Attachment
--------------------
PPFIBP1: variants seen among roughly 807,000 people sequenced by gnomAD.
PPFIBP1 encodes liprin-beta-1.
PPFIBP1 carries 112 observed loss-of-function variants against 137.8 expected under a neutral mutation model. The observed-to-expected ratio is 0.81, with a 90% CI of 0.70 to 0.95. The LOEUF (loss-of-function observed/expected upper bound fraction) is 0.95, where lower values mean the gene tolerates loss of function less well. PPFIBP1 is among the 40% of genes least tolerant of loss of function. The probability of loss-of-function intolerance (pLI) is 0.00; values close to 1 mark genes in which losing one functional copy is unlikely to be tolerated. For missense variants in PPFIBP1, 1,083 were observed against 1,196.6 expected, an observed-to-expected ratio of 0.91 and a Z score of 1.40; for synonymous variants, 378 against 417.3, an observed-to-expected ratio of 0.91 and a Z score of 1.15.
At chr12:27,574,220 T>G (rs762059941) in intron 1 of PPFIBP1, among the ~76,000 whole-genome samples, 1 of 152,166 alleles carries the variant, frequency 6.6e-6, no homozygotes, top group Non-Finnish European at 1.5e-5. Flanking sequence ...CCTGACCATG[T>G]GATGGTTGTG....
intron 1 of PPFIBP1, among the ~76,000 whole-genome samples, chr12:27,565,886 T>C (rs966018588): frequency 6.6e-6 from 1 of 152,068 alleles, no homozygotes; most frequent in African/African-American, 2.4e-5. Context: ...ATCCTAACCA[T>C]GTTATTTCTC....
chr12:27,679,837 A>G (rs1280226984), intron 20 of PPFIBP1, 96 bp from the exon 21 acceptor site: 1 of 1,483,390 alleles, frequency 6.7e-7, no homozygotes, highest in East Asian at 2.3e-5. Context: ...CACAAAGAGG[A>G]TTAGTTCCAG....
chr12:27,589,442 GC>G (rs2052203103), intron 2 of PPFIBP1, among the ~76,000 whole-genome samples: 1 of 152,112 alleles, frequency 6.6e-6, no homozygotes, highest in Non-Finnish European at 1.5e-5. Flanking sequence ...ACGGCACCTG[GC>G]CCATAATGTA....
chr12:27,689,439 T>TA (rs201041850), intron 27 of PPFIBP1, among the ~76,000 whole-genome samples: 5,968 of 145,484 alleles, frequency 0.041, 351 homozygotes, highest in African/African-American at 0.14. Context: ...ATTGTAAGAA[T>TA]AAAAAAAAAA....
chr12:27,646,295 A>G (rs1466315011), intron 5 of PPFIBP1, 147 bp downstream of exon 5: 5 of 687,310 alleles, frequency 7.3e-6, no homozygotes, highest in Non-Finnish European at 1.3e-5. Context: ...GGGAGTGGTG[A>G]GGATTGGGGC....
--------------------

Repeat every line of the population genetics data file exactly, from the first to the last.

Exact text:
PPFIBP1: variants seen among roughly 807,000 people sequenced by gnomAD.
PPFIBP1 encodes liprin-beta-1.
PPFIBP1 carries 112 observed loss-of-function variants against 137.8 expected under a neutral mutation model. The observed-to-expected ratio is 0.81, with a 90% CI of 0.70 to 0.95. The LOEUF (loss-of-function observed/expected upper bound fraction) is 0.95, where lower values mean the gene tolerates loss of function less well. PPFIBP1 is among the 40% of genes least tolerant of loss of function. The probability of loss-of-function intolerance (pLI) is 0.00; values close to 1 mark genes in which losing one functional copy is unlikely to be tolerated. For missense variants in PPFIBP1, 1,083 were observed against 1,196.6 expected, an observed-to-expected ratio of 0.91 and a Z score of 1.40; for synonymous variants, 378 against 417.3, an observed-to-expected ratio of 0.91 and a Z score of 1.15.
At chr12:27,574,220 T>G (rs762059941) in intron 1 of PPFIBP1, among the ~76,000 whole-genome samples, 1 of 152,166 alleles carries the variant, frequency 6.6e-6, no homozygotes, top group Non-Finnish European at 1.5e-5. Flanking sequence ...CCTGACCATG[T>G]GATGGTTGTG....
intron 1 of PPFIBP1, among the ~76,000 whole-genome samples, chr12:27,565,886 T>C (rs966018588): frequency 6.6e-6 from 1 of 152,068 alleles, no homozygotes; most frequent in African/African-American, 2.4e-5. Context: ...ATCCTAACCA[T>C]GTTATTTCTC....
chr12:27,679,837 A>G (rs1280226984), intron 20 of PPFIBP1, 96 bp from the exon 21 acceptor site: 1 of 1,483,390 alleles, frequency 6.7e-7, no homozygotes, highest in East Asian at 2.3e-5. Context: ...CACAAAGAGG[A>G]TTAGTTCCAG....
chr12:27,589,442 GC>G (rs2052203103), intron 2 of PPFIBP1, among the ~76,000 whole-genome samples: 1 of 152,112 alleles, frequency 6.6e-6, no homozygotes, highest in Non-Finnish European at 1.5e-5. Flanking sequence ...ACGGCACCTG[GC>G]CCATAATGTA....
chr12:27,689,439 T>TA (rs201041850), intron 27 of PPFIBP1, among the ~76,000 whole-genome samples: 5,968 of 145,484 alleles, frequency 0.041, 351 homozygotes, highest in African/African-American at 0.14. Context: ...ATTGTAAGAA[T>TA]AAAAAAAAAA....
chr12:27,646,295 A>G (rs1466315011), intron 5 of PPFIBP1, 147 bp downstream of exon 5: 5 of 687,310 alleles, frequency 7.3e-6, no homozygotes, highest in Non-Finnish European at 1.3e-5. Context: ...GGGAGTGGTG[A>G]GGATTGGGGC....